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Wall Street sneezes, the world catches a cold

Two things determine the stock market level. The profits companies are making, and the price investors are prepared to pay for them.

Tom Stevenson | Fidelity International 

Two things determine the level of the stock market. The profits companies are making, and the price investors are prepared to pay for them. Last year’s stock market slide was all about the valuation side of the equation. Earnings were surprisingly resilient. But as the first quarter results season approaches in the US, there’s mounting speculation that the earnings shoe is preparing to drop.

As usual, it’s the big US banks which get things going this week, as they unveil their profits for the January to March reporting period. It’s fitting that the banks should be first out of the blocks because a big theme of this earnings round is certain to be the impact of last month’s turmoil in the financial sector. What the banks have to say has a broader significance because the stresses and strains on their balance sheets have the potential to ripple out into the wider economy via tighter lending standards, a kind of mini credit crunch.

That was the thrust of the International Monetary Fund (IMF) gloomy half-yearly assessment of the health of the global economy this week. The IMF warned in its World Economic Outlook that a vicious cycle of high inflation, rising interest rates and financial fragility is likely to lead to sharply lower global growth than it had anticipated even just three months ago.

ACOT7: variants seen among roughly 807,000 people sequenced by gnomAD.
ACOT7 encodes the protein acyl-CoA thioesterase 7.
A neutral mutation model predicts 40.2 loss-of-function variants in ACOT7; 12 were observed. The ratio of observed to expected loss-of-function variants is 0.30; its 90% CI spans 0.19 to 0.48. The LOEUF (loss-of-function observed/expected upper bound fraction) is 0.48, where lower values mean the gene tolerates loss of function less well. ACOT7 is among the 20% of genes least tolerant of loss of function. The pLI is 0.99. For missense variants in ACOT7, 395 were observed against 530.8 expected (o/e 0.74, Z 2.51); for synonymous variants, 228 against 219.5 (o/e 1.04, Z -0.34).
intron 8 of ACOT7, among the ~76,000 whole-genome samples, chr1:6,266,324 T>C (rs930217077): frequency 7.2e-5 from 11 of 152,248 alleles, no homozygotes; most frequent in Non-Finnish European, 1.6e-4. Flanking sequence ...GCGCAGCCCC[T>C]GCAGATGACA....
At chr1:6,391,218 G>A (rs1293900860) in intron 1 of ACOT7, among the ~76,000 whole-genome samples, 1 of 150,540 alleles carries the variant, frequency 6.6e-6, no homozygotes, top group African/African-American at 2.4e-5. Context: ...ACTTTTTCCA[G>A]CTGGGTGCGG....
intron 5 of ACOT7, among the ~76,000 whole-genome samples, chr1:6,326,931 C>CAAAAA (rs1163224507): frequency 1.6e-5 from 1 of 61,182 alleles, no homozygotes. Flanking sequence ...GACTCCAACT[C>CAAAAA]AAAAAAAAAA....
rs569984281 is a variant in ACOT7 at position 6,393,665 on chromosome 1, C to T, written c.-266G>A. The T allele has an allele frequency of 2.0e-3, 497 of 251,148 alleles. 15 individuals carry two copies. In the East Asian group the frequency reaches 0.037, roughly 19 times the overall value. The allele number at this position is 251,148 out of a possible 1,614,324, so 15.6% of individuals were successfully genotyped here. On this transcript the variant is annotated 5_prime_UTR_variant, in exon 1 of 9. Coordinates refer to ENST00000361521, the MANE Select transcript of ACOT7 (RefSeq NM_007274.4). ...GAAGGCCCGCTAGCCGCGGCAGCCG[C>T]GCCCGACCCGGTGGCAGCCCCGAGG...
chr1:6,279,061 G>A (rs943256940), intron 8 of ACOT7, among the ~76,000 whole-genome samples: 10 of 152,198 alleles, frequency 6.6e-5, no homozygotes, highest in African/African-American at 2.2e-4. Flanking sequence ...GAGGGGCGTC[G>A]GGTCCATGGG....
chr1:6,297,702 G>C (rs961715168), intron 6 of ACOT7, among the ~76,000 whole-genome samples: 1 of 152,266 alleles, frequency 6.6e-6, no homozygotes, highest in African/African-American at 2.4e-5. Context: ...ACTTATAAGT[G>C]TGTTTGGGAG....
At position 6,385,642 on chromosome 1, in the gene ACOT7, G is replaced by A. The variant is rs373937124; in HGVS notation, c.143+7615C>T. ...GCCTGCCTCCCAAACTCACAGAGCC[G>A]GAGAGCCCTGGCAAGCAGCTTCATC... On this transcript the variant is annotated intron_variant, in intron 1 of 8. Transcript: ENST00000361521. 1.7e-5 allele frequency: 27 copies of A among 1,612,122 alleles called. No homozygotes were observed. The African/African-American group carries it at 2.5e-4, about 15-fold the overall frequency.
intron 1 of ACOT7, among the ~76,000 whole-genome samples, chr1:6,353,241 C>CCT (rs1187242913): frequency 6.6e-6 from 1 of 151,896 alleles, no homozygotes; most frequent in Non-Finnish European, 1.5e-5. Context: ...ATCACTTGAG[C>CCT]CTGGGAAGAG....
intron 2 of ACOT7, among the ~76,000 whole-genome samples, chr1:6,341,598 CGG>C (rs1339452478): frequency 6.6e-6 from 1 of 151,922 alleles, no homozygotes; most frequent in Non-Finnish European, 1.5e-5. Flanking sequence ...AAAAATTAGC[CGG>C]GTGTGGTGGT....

After growing by 3.4pc in 2022 the global economy is expected to expand by just 2.8pc this year. The developed world is likely to be even harder hit, with economic output in the richest countries rising by as little as 1pc, depending on the extent to which lending dries up. Britain was singled out as the biggest loser among the developed countries, with a 0.3pc decline in output pencilled in for the current year. Only Germany is also going backwards.

That’s a problem for Jeremy Hunt, the Chancellor, because it means that the UK is now very unlikely to meet two of the government’s fiscal rules. Debts are unlikely to be falling in five years’ time at the end of the forecasting horizon and they probably won’t be less than 3pc of GDP at that point either.

This is the tricky backdrop to what is certain to be the most difficult earnings season since the early days of the pandemic. According to data provider Factset, earnings for the biggest US companies are due to fall by more than 6pc this quarter. That will be the worst performance since the plunge in profits as the world shut down in early 2020.

This will come as no surprise to the many investors who have been scratching their heads as to why the stock market has held up so well in the first few months of 2023 at the same time as the odds have shortened dramatically on a global recession at some point in the next year. The stock market is usually a prescient forecasting machine, which suggests that either investors or economists have got it wrong. The next few weeks are likely to tell us which it is.